“The ability to learn faster than your competitors may be the only sustainable competitive advantage.”
– Arie De Geus, former head of planning for Shell Oil Company
Organizations, each year, spend billions of dollars on training and development (T&D) in order to enhance the knowledge, skills, and abilities of their employees and ultimately, to gain a competitive advantage. In 2007, for example, it was estimated by the American Society for Training and Development that U.S. organizations spent about 134 billion dollars on T&D alone.
Despite the tremendous amount of money that is pumped into organizational training efforts, there is a growing recognition of a “transfer problem.” What I mean by the “transfer problem” is that trainees have difficulty effectively and continually applying the knowledge and skills they learned in one context (the training environment) to a different context (their job). In fact, researchers have found that only ten percent of learning that takes place in training actually transfers to the organizational context… ten percent, folks!
Note: You’ll notice that much of the content on this site is dedicated to informal or non-traditional forms of learning since this is shown to contribute the most to knowledge sharing and productivity. Formal training isn’t going away anytime soon, though, and in whatever capacity it will play in learning strategies it still needs to be done correctly.
So why is it that trainees have so much difficulty transferring their learning to the job context? Dr. Raymond Noe has outlined some of the obstacles to effective transfer of training:
- Work Conditions (e.g., time pressures, inadequate equipment available in the job context)
- Lack of peer support (e.g., peers discourage the use of new skills or speak disparagingly about trainings)
- Lack of management support (e.g., managers don’t understand the importance of training, do not provide opportunities for employees to practice their trained skills, and do not reinforce the use of skills)
- Personal characteristics of the trainees (e.g., trainees don’t believe that they are capable of using their skills, trainees fail to monitor themselves to ensure that they are using their skills)
Quite obviously, organizations need to address these obstacles in order to boost training transfer. First of all though, it’s important to note, as many researchers do, that training transfer is a process. That is, interventions must be implemented before, during, and after training in order to create contextual conditions that strengthen transfer. Here are a couple of tips for enhancing training transfer compiled from various research-based articles:
1. Relate training to organizational objectives. Before training, trainees need to be given realistic information about the training program–how it relates to organizational objectives and how they can apply their new knowledge and skills on the job. This type of pre-training information session is likely to give trainees a sense that they have organizational support and to increase trainees’ motivation and readiness for learning.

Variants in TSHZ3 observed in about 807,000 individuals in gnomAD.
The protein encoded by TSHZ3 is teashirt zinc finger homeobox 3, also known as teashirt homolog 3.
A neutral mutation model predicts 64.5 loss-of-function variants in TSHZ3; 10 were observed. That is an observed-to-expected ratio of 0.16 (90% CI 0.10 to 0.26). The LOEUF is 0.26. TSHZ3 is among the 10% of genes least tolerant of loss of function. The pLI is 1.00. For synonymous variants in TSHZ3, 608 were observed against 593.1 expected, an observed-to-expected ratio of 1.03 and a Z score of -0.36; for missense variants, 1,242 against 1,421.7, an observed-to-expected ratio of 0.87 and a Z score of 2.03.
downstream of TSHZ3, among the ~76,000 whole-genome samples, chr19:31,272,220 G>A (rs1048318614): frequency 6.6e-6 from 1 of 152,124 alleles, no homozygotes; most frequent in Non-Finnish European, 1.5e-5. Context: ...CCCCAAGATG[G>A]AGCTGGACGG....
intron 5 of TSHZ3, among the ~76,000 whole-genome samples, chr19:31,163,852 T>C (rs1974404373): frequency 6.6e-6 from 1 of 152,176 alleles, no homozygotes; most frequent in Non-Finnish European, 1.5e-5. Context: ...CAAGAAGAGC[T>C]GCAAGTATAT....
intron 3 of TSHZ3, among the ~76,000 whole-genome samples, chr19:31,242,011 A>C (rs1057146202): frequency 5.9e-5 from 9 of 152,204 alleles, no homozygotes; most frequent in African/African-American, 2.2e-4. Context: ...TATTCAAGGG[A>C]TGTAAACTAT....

2. Give trainees a voice. Rather than assigning employees to specific training programs, organizations may also consider allowing employees to have a say in terms of the type of training they receive and the design of the training. When employees are given the authority to make decisions about what and how they learn, they are more likely to be engaged during the training and ultimately, to transfer their skills.
3. Set training goals. Supervisors should consider sitting down with their employees and setting specific, time-bound goals related to their employees’ participation and acquisition of skills during training. For example, they might pinpoint specific projects that the employee would complete within a certain time period using skills and knowledge acquired in training.
4. Use self-management strategies. Employees need to be prepared to practice their skills even if the work climate is not particularly conducive to it (i.e., when the environment contains a lot of obstacles to transfer). First of all, trainees need to become aware that there is a tendency for trainees to forget knowledge gained in training and to lapse back into previously learned skills and behaviors. Once they realize that lapses occur frequently, employees can then work with their supervisors to create a transfer plan that tackles all identified environmental and personal obstacles to transfer. For example, in response to expected time pressures that would inhibit transfer following training, an employee may decide to have a conversation with his boss and ask him to lighten his workload immediately after training so that he can begin to adjust his skills to a new context. If he lacks self-monitoring skills, he might also identify different individuals within the organization that could coach and encourage him through the transfer process – a great way to interlace your training within a social networking or expertise location initiative.
These tips can help build a strong transfer climate and a strong transfer climate is an essential component of a learning organization, with a greater capacity to learn, grow, and adapt. Particularly in a rapidly changing business climate, this capacity is absolutely crucial.